Furthermore, David Kolb (1984) theorised that ‘learning is the process whereby knowledge is created through the transformation of experience’. This is famously represented by a four-stage learning cycle in which the learner can enter at any point but effective learning only occurs one all four stages are mastered. The simulation session fits both this and also the behaviourism learning theory where it states that learning involves responses to stimuli from the environment.

 

It is well noted that a major drawback to the integrated curriculum were some student perceptions of the teaching style. In medical schools where they have reformed the traditional curriculum to the newer style, students have been compared from both curriculum style. The perceptions of students taught in the previous curriculum were that students under the reformed curriculum had a pooper learning quality. This could undermine the self-confidence of the students studying the current curriculum. 

 

Another criticism is that schemas in the cognitive approach help to make learning more meaningful, but a learner is hugely disadvantaged when the schemas or prerequisite knowledge do not exist. To account for this, teachers need to ensure that teaching is appropriate for all skill levels and experiences which can be problematic. Likewise, constructivism learning is based on individual traits, which can again pose a delivery problem. Learners may each have different experiences within the learning process and teachers can struggle to respond to the multitude of student identities due to lack of resources available.

Conclusion

When designing this teaching approach each theoretical perceptive was considered to offer benefits and drawbacks - the context depends on the goals and learners. Since the learning environment is dynamic there needs to be a combinatory rather than a sole theoretical approach. 

Take Home Messages

  • An integrated curriculum is designed to be repetitive but progressive with the aim to reduce disconnect between basic science and clinical practice.
  • This introduction of classroom teaching to the workplace environment in the context of teaching clinical examination facilities theoretical teaching to be followed immediately by relevant context-specific clinical correlation.
  • Learners may each have different experiences within the learning process and teachers can struggle to respond to the multitude of student identities due to lack of resources available.

Notes On Contributors

Dr Adhnan Omar is a junior doctor currently working in the South Thames region with an interest in medical education and medical leadeship in the role of improving patient outcomes. ORCID ID: https://orcid.org/0000-0001-5667-0263

Acknowledgements

None.

Bibliography/References

Bloom, B., Engelhart, M., Furst, E., Hill, W., et al. (1956) Taxonomy of educational objectives: The classification of educational goals. Handbook I, Cognitive Domain. New York: Longman.

 

Bransford, J., Brown, A. and Cocking, R. (2000) How people learn: brain, mind, experience, and school. Washington DC: National Academy Press.

 

Brauer, D. G. and Ferguson, K. J. (2015) ‘The integrated curriculum in medical education: AMEE Guide No. 96.’, Medical Teacher. England, 37(4), pp. 312–322. https://doi.org/10.3109/0142159X.2014.970998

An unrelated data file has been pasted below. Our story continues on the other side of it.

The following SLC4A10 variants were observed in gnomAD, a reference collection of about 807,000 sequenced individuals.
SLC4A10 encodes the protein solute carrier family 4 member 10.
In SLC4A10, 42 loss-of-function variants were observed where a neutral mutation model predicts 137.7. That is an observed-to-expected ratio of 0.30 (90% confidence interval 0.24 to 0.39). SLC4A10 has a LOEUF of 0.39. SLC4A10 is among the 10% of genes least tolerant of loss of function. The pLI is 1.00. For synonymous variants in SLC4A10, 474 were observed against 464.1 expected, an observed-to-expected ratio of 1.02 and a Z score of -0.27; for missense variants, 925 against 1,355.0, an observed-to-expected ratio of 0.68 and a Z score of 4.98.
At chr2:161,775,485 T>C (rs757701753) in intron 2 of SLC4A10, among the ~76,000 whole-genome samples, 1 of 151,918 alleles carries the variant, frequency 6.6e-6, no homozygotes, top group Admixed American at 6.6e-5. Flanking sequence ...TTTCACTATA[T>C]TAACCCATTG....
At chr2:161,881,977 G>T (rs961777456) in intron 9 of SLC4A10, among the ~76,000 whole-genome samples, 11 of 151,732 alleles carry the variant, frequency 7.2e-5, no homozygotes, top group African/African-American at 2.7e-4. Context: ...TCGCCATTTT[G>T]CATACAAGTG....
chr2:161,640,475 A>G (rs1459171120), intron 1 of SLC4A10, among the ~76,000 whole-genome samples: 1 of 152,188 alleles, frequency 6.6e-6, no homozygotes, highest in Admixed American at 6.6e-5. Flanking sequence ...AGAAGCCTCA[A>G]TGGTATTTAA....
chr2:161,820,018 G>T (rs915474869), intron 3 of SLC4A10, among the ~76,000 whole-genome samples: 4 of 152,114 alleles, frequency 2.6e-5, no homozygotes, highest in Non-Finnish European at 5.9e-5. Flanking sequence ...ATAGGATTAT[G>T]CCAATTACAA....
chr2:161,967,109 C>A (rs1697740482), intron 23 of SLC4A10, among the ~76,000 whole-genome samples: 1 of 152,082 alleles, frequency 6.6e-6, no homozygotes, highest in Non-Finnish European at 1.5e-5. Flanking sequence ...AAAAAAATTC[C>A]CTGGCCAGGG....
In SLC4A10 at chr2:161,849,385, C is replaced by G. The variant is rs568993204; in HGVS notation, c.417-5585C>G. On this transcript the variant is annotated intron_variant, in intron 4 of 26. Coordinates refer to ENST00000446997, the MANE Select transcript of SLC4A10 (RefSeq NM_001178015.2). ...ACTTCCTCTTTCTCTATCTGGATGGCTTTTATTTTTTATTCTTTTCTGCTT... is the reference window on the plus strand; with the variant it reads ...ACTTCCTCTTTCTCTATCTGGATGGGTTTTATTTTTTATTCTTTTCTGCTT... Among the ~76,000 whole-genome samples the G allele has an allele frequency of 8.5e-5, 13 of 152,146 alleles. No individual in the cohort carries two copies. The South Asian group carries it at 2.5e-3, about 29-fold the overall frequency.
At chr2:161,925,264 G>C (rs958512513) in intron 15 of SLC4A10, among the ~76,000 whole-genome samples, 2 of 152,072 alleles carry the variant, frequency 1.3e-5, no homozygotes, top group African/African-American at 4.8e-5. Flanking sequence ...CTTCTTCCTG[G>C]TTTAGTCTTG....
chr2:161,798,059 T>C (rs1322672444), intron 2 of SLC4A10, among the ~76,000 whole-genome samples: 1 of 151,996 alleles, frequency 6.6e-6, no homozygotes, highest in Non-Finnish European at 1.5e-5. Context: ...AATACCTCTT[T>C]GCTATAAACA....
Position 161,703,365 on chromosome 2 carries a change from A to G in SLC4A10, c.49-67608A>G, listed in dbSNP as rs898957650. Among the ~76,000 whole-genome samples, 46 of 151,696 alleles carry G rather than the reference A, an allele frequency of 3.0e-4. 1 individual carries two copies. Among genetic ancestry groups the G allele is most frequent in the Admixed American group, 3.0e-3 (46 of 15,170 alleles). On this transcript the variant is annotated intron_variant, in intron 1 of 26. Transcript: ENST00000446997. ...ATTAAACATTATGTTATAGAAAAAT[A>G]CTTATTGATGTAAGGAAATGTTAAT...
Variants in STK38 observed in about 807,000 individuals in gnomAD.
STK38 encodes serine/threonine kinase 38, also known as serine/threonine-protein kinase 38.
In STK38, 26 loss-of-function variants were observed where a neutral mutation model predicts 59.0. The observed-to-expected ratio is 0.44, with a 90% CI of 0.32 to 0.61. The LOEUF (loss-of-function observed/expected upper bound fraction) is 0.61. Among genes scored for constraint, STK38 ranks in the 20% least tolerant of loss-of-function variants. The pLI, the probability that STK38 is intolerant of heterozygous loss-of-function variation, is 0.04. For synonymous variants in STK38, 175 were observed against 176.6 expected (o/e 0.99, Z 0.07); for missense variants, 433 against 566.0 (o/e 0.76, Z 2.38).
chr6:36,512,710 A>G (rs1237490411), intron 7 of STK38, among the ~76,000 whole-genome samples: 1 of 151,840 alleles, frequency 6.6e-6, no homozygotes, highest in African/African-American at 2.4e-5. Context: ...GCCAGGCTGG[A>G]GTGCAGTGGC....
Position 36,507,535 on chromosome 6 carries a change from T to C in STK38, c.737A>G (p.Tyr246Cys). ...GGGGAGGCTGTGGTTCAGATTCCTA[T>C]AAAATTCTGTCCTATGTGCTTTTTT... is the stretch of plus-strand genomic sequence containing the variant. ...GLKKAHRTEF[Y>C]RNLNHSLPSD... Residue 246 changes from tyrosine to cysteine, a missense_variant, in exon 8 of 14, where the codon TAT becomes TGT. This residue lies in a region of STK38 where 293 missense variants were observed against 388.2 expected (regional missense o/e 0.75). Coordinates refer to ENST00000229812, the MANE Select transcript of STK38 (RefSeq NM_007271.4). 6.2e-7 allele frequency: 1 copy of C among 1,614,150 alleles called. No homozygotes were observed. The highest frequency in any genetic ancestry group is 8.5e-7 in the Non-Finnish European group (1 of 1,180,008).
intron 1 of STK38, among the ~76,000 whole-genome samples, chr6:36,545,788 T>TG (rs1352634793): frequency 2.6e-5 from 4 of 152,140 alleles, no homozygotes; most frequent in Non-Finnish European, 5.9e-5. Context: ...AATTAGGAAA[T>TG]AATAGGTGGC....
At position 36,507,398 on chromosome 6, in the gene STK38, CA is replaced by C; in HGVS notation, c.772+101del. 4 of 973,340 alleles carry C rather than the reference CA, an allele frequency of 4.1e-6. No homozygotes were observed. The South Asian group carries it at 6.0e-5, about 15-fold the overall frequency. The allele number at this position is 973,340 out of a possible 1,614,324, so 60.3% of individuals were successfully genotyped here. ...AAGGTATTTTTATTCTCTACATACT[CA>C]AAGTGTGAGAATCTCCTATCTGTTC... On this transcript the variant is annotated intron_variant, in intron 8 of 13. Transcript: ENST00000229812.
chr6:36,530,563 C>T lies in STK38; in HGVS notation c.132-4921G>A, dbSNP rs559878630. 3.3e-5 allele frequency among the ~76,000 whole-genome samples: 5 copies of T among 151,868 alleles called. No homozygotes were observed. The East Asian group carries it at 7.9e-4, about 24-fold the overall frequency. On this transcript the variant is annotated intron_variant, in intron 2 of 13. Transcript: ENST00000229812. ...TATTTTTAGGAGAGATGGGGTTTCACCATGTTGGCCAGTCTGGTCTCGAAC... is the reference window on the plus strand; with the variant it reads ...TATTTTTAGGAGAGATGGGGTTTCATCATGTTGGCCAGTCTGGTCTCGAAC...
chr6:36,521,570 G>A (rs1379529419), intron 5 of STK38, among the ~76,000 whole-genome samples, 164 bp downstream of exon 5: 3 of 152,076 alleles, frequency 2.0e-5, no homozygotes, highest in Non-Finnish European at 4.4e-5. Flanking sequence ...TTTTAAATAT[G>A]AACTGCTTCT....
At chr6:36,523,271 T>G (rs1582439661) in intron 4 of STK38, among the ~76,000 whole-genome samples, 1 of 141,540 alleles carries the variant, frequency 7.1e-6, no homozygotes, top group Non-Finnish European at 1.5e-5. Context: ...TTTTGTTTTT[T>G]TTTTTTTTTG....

Driscoll, M. (2000) Psychology of Learning for Instruction. Boston: Allyn & Bacon.

 

Dyrbye, L. N., Starr, S. R., Thompson, G. B. and Lindor, K. D. (2011) ‘A model for integration of formal knowledge and clinical experience: the advanced doctoring course at Mayo Medical School.’, Academic Medicine: Journal of the Association of American Medical Colleges. United States, 86(9), pp. 1130–1136. https://doi.org/10.1097/ACM.0b013e31822519d4

 

Fostaty-Young, S. and Wilson, R. (2000) Assessment and learning: The ICE approach. Winnipeg, MB: Portage and Main.

 

Harden, R. M., Sowden, S. and Dunn, W. R. (1984) ‘Educational strategies in curriculum development: the SPICES model.’, Medical Education. England, 18(4), pp. 284–297. https://doi.org/10.1111/j.1365-2923.1984.tb01024.x

 

Jolly, B., Rees, L. and Coles, C. (no date) How students learn. The process of learning. in Medical education in the millenium. eds Jolly B, Rees L (Oxford University Press, Oxford). (1998) pp 63–82.

 

Kaufman, D. and Mann, K. (2010) Teaching and learning in medical education: How theory can inform practice. In: Swansick T, editor. Understanding medical education: Evidence, theory and practice. West Sussex, UK: Wiley-Blackwell. https://doi.org/10.1002/9781444320282.ch2

 

Kolb, D. (1984) Experiential learning: Experience as the source of learning and development (Vol. 1). Englewood Cliffs, NJ: Prentice-Hall.

 

McLeod, G. (2003) ‘Learning theory and instructional design.’, Learning Matters, 2(3), pp. 35–43.

 

Neufeld, V. R., Woodward, C. A. and MacLeod, S. M. (1989) ‘The McMaster M.D. program: a case study of renewal in medical education’, Academic Medicine: Journal of the Association of American Medical Colleges, 64(8), p. 423—432. https://doi.org/10.1097/00001888-198908000-00001

 

Olusegun, S. (2015) ‘Constructivism Learning Theory: A Paradigm for Teaching and Learning’, IOSR Journal of Research & Method in Education, 5(6), pp. 66–70.

 

Piaget, J. and Cook, M. T. (1952) The origins of intelligence in children. New York, NY: International University Press. https://doi.org/10.1037/11494-000

 

Tam, M. (2000) ‘Constructivism, instructional design, and technology: implications for transforming distance learning.’, Journal of Education Technology and Society, 3(3), pp. 50–60.

 

Wadsworth, B. J. (2004) Piaget’s theory of cognitive and affective development: Foundations of constructivism. New York: Longman.

 

Yardley, S., Brosnan, C. and Richardson, J. (2013) ‘The consequences of authentic early experience for medical students: creation of  metis’, Medical Education. England, 47(1), pp. 109–119. https://doi.org/10.1111/j.1365-2923.2012.04287.x

Appendices

None.

Declarations

There are no conflicts of interest.
This has been published under Creative Commons "CC BY-SA 4.0" (https://creativecommons.org/licenses/by-sa/4.0/)

Ethics Statement

Ethical approval was waived as this study did not incur healthcare cost, use patient identifiable information nor impede upon patient care.